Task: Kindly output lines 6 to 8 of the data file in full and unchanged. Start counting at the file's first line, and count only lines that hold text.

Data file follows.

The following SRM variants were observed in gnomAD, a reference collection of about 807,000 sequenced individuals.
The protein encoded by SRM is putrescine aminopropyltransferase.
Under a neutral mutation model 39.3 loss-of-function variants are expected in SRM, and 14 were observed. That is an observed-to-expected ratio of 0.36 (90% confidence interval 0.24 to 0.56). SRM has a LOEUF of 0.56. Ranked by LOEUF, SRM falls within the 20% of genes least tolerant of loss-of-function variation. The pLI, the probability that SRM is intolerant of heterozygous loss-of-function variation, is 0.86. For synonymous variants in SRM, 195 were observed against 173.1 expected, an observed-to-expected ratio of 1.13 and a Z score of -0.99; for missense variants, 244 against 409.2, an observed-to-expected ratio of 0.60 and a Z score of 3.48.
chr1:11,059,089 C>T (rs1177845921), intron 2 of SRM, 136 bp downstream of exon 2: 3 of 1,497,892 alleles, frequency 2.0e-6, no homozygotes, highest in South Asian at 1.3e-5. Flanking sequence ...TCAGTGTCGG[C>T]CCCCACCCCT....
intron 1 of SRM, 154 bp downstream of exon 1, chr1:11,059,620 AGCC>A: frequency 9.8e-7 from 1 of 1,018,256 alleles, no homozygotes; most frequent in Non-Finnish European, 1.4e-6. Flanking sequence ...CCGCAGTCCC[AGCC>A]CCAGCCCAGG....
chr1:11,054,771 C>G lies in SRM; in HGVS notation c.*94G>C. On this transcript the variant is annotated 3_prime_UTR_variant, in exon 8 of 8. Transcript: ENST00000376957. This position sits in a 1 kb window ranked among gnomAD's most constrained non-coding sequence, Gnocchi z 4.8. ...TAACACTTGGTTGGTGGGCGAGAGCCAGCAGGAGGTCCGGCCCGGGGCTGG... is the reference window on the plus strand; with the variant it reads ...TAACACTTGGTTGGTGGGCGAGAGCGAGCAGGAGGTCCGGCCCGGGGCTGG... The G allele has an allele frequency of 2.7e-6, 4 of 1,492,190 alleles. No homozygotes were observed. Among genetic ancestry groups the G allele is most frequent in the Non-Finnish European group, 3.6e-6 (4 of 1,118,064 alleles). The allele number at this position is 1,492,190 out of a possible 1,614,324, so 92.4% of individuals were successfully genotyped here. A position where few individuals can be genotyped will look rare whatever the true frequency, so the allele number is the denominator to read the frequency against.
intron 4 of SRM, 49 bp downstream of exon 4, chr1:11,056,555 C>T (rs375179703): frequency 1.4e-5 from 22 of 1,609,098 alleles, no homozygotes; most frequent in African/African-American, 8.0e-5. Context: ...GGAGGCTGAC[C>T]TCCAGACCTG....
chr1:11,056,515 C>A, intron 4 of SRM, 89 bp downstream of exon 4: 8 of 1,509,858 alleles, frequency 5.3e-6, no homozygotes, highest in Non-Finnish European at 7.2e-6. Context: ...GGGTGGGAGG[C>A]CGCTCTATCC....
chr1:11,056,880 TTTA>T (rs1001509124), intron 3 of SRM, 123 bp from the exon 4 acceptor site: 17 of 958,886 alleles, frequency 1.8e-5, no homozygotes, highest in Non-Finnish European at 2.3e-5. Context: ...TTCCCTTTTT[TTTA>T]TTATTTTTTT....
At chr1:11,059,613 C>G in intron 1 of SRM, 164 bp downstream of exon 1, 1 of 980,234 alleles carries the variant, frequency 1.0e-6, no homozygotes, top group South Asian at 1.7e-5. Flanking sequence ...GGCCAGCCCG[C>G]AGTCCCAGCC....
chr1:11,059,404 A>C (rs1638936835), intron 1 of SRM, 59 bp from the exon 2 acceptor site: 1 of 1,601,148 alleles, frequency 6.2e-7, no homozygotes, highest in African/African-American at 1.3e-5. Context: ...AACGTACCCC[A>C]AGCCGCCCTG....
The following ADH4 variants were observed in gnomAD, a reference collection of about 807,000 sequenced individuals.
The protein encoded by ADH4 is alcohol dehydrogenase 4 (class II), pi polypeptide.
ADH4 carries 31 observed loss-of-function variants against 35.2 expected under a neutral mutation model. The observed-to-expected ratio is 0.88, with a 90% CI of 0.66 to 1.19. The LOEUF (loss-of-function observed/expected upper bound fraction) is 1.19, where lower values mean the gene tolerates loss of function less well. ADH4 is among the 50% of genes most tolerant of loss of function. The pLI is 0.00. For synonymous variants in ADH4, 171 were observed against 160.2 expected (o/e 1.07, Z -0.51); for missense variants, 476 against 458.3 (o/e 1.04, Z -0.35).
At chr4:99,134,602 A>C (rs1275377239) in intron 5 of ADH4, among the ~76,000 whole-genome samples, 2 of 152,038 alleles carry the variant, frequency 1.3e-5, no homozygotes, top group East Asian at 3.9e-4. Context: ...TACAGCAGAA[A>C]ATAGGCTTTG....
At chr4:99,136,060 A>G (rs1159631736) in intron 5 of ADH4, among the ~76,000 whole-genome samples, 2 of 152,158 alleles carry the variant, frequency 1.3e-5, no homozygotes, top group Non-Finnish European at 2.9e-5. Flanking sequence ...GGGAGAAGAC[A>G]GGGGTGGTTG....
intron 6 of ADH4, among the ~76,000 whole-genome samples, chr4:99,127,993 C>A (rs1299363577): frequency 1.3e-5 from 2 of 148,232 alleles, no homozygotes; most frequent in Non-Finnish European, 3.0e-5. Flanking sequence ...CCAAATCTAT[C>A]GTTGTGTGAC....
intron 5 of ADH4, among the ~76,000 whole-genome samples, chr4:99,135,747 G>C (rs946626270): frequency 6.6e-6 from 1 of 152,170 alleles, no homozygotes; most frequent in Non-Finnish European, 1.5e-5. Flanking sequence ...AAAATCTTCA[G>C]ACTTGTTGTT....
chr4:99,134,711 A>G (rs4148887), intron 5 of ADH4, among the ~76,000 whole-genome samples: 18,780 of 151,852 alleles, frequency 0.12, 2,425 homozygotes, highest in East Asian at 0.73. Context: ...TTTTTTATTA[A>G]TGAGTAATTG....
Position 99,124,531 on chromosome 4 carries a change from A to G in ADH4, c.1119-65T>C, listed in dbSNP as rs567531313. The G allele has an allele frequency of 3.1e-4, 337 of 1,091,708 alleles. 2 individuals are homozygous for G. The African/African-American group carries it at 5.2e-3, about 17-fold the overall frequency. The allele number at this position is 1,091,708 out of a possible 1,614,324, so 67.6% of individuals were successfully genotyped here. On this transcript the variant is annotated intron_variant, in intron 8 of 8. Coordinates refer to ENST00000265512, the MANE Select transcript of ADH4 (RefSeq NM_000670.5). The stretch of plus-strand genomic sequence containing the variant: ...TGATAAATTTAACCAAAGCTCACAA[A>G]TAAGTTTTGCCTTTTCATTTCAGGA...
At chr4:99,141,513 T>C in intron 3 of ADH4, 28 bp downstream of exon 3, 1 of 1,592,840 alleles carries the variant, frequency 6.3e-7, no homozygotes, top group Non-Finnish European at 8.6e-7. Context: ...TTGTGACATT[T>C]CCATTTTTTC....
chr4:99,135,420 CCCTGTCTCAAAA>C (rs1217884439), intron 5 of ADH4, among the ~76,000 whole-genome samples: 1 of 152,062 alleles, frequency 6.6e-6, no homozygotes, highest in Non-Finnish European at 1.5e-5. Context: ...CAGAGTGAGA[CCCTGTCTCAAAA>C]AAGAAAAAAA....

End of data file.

chr1:11,054,771 C>G lies in SRM; in HGVS notation c.*94G>C. On this transcript the variant is annotated 3_prime_UTR_variant, in exon 8 of 8. Transcript: ENST00000376957. This position sits in a 1 kb window ranked among gnomAD's most constrained non-coding sequence, Gnocchi z 4.8. ...TAACACTTGGTTGGTGGGCGAGAGCCAGCAGGAGGTCCGGCCCGGGGCTGG... is the reference window on the plus strand; with the variant it reads ...TAACACTTGGTTGGTGGGCGAGAGCGAGCAGGAGGTCCGGCCCGGGGCTGG... The G allele has an allele frequency of 2.7e-6, 4 of 1,492,190 alleles. No homozygotes were observed. Among genetic ancestry groups the G allele is most frequent in the Non-Finnish European group, 3.6e-6 (4 of 1,118,064 alleles). The allele number at this position is 1,492,190 out of a possible 1,614,324, so 92.4% of individuals were successfully genotyped here. A position where few individuals can be genotyped will look rare whatever the true frequency, so the allele number is the denominator to read the frequency against.
intron 4 of SRM, 49 bp downstream of exon 4, chr1:11,056,555 C>T (rs375179703): frequency 1.4e-5 from 22 of 1,609,098 alleles, no homozygotes; most frequent in African/African-American, 8.0e-5. Context: ...GGAGGCTGAC[C>T]TCCAGACCTG....
chr1:11,056,515 C>A, intron 4 of SRM, 89 bp downstream of exon 4: 8 of 1,509,858 alleles, frequency 5.3e-6, no homozygotes, highest in Non-Finnish European at 7.2e-6. Context: ...GGGTGGGAGG[C>A]CGCTCTATCC....